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Models of reablement evaluation (MoRE): a study protocol of a quasi-experimental mixed methods evaluation of reablement services in England

Mann, R; Beresford, B; Parker, G; Rabiee, P; Weatherly, H; Faria, R; Kanaan, M; ... Aspinal, F; + view all (2016) Models of reablement evaluation (MoRE): a study protocol of a quasi-experimental mixed methods evaluation of reablement services in England. BMC Health Services Research , 16 , Article 375. 10.1186/s12913-016-1600-6. Green open access

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Abstract

BACKGROUND: Reablement is a time-limited intervention that aims to support people to regain independence and enable them to resume their daily activities after they return home from an in-patient care setting, or to maintain independence to enable them to remain at home. There is some evidence that reablement can enhance independence and has the potential to contain costs. However, reablement services are funded and provided in different ways and by different organisations, and there is limited research evidence about the effectiveness of different reablement service models. This study will evaluate the effectiveness and cost-effectiveness of different reablement service models and service users' and carers' experiences of reablement in England, UK. METHODS/DESIGN: The study will use a quasi-experimental mixed methods design that comprises three work packages (WP) extending over a period of 34 months. WP1 will conduct cluster analysis on survey data to develop a typology of current models of reablement services in order to describe the current reablement service landscape. WP2 will comprise a quantitative outcomes evaluation of the effectiveness of the different service models; a process evaluation and an economic evaluation. WP2 will be set within generic reablement services, where providers are using the most commonly employed generic reablement service types identified in WP1; the primary outcome measure is health-related quality of life measured by the EQ-5D-5L. WP3 will provide evidence about specialist reablement services and how specialist approaches and practices are organised and delivered. DISCUSSION: Managing demands on care services is, and will remain, a crucial factor for the UK National Health Service as the number of people with long-term conditions rise. There has been, and will continue to be, significant investment in reablement services. The proposed study will address several key areas where there is limited evidence regarding the organisation and delivery of reablement services in England, UK. Specifically, it will provide new evidence on different models of reablement services that will be of direct benefit to health and social care managers, commissioners and their partner organisations.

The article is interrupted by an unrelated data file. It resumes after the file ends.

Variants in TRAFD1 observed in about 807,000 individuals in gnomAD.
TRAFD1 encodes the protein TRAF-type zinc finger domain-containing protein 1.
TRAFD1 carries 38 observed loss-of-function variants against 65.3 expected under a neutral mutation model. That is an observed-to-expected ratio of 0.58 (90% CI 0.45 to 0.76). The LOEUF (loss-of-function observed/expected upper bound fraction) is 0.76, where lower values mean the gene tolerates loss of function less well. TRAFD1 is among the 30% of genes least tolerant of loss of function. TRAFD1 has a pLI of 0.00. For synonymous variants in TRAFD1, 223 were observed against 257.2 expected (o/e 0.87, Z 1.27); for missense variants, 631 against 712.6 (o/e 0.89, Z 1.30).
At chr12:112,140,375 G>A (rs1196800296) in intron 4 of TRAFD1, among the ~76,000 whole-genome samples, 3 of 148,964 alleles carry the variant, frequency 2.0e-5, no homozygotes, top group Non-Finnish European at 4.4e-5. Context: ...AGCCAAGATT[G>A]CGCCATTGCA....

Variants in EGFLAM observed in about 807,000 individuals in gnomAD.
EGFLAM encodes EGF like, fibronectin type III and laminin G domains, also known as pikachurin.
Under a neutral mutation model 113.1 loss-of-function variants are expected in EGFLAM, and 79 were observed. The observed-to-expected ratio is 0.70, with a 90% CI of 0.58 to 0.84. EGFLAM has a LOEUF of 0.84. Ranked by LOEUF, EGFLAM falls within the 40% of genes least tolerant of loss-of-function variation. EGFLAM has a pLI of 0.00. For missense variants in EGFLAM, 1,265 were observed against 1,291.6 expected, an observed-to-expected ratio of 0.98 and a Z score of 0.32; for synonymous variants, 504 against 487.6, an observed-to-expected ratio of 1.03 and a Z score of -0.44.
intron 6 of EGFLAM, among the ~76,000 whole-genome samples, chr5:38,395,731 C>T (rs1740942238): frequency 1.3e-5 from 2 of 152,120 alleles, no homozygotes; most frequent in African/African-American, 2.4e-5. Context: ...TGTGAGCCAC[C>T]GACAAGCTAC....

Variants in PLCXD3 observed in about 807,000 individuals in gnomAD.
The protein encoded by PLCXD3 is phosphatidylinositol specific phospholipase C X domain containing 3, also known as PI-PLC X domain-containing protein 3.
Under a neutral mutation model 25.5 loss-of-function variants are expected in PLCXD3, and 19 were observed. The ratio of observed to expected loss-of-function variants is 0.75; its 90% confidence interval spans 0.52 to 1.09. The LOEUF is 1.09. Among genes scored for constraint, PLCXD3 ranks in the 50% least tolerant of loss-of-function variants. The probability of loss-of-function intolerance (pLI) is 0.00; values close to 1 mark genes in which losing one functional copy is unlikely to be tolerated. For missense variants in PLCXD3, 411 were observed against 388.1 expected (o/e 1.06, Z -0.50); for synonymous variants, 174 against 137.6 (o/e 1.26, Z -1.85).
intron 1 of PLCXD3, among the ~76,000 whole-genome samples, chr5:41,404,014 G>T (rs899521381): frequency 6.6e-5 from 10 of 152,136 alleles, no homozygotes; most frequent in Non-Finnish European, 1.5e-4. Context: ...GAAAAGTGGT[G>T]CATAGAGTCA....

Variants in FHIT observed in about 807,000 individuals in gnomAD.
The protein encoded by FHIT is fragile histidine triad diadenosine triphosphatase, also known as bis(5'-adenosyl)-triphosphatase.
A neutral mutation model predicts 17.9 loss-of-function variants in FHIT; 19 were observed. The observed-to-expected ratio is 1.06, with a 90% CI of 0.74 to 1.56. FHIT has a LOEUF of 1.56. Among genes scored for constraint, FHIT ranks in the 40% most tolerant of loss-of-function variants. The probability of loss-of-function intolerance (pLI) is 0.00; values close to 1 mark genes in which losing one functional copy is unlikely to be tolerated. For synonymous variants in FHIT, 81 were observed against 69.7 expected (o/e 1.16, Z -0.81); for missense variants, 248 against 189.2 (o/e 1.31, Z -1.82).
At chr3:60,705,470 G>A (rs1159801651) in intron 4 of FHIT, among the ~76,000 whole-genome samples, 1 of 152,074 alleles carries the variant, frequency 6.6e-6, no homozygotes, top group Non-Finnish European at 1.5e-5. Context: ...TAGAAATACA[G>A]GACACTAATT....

Type: Article
Title: Models of reablement evaluation (MoRE): a study protocol of a quasi-experimental mixed methods evaluation of reablement services in England
Location: England
Open access status: An open access version is available from UCL Discovery
DOI: 10.1186/s12913-016-1600-6
Publisher version: http://dx.doi.org/10.1186/s12913-016-1600-6
Language: English
Additional information: Copyright © The Author(s) 2016. This article is distributed under the terms of the Creative Commons Attribution 4.0 International License (http://creativecommons.org/licenses/by/4.0/), which permits unrestricted use, distribution, and reproduction in any medium, provided you give appropriate credit to the original author(s) and the source, provide a link to the Creative Commons license, and indicate if changes were made. The Creative Commons Public Domain Dedication waiver (http://creativecommons.org/publicdomain/zero/1.0/) applies to the data made available in this article, unless otherwise stated.
Keywords: Reablement, Restorative, Home care, Health care, Social care, Mixed methods evaluation, Study protocol
UCL classification: UCL
UCL > Provost and Vice Provost Offices > School of Life and Medical Sciences
UCL > Provost and Vice Provost Offices > School of Life and Medical Sciences > Faculty of Population Health Sciences > Institute of Epidemiology and Health
UCL > Provost and Vice Provost Offices > School of Life and Medical Sciences > Faculty of Population Health Sciences > Institute of Epidemiology and Health > Applied Health Research
URI: https://discovery.ucl.ac.uk/id/eprint/10046706
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